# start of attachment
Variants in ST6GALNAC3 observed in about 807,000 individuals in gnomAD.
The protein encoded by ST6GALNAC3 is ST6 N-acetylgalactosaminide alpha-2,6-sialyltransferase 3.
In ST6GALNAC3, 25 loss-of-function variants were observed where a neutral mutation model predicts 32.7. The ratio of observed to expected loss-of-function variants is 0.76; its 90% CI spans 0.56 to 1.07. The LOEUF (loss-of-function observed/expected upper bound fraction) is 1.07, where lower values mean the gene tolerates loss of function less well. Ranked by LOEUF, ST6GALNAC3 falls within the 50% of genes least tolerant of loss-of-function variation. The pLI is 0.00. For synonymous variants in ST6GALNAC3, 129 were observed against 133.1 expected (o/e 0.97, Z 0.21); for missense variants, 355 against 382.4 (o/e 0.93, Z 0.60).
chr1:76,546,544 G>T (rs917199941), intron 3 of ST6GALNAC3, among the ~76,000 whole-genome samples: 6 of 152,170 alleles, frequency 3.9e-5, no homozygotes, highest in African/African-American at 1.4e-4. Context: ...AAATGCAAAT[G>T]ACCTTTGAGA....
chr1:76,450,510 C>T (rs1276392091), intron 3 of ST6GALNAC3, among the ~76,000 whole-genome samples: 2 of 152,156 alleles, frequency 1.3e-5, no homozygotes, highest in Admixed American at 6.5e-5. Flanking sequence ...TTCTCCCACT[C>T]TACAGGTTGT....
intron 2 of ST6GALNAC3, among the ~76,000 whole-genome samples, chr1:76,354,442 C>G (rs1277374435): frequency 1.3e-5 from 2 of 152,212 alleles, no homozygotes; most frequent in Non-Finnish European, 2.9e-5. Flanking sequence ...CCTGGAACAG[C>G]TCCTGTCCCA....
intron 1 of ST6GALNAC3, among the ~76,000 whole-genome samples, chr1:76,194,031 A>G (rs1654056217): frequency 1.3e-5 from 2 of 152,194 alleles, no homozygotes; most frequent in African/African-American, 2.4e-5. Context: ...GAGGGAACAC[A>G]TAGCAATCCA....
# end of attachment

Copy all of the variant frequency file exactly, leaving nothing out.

Variants in ST6GALNAC3 observed in about 807,000 individuals in gnomAD.
The protein encoded by ST6GALNAC3 is ST6 N-acetylgalactosaminide alpha-2,6-sialyltransferase 3.
In ST6GALNAC3, 25 loss-of-function variants were observed where a neutral mutation model predicts 32.7. The ratio of observed to expected loss-of-function variants is 0.76; its 90% CI spans 0.56 to 1.07. The LOEUF (loss-of-function observed/expected upper bound fraction) is 1.07, where lower values mean the gene tolerates loss of function less well. Ranked by LOEUF, ST6GALNAC3 falls within the 50% of genes least tolerant of loss-of-function variation. The pLI is 0.00. For synonymous variants in ST6GALNAC3, 129 were observed against 133.1 expected (o/e 0.97, Z 0.21); for missense variants, 355 against 382.4 (o/e 0.93, Z 0.60).
chr1:76,546,544 G>T (rs917199941), intron 3 of ST6GALNAC3, among the ~76,000 whole-genome samples: 6 of 152,170 alleles, frequency 3.9e-5, no homozygotes, highest in African/African-American at 1.4e-4. Context: ...AAATGCAAAT[G>T]ACCTTTGAGA....
chr1:76,450,510 C>T (rs1276392091), intron 3 of ST6GALNAC3, among the ~76,000 whole-genome samples: 2 of 152,156 alleles, frequency 1.3e-5, no homozygotes, highest in Admixed American at 6.5e-5. Flanking sequence ...TTCTCCCACT[C>T]TACAGGTTGT....
intron 2 of ST6GALNAC3, among the ~76,000 whole-genome samples, chr1:76,354,442 C>G (rs1277374435): frequency 1.3e-5 from 2 of 152,212 alleles, no homozygotes; most frequent in Non-Finnish European, 2.9e-5. Flanking sequence ...CCTGGAACAG[C>G]TCCTGTCCCA....
intron 1 of ST6GALNAC3, among the ~76,000 whole-genome samples, chr1:76,194,031 A>G (rs1654056217): frequency 1.3e-5 from 2 of 152,194 alleles, no homozygotes; most frequent in African/African-American, 2.4e-5. Context: ...GAGGGAACAC[A>G]TAGCAATCCA....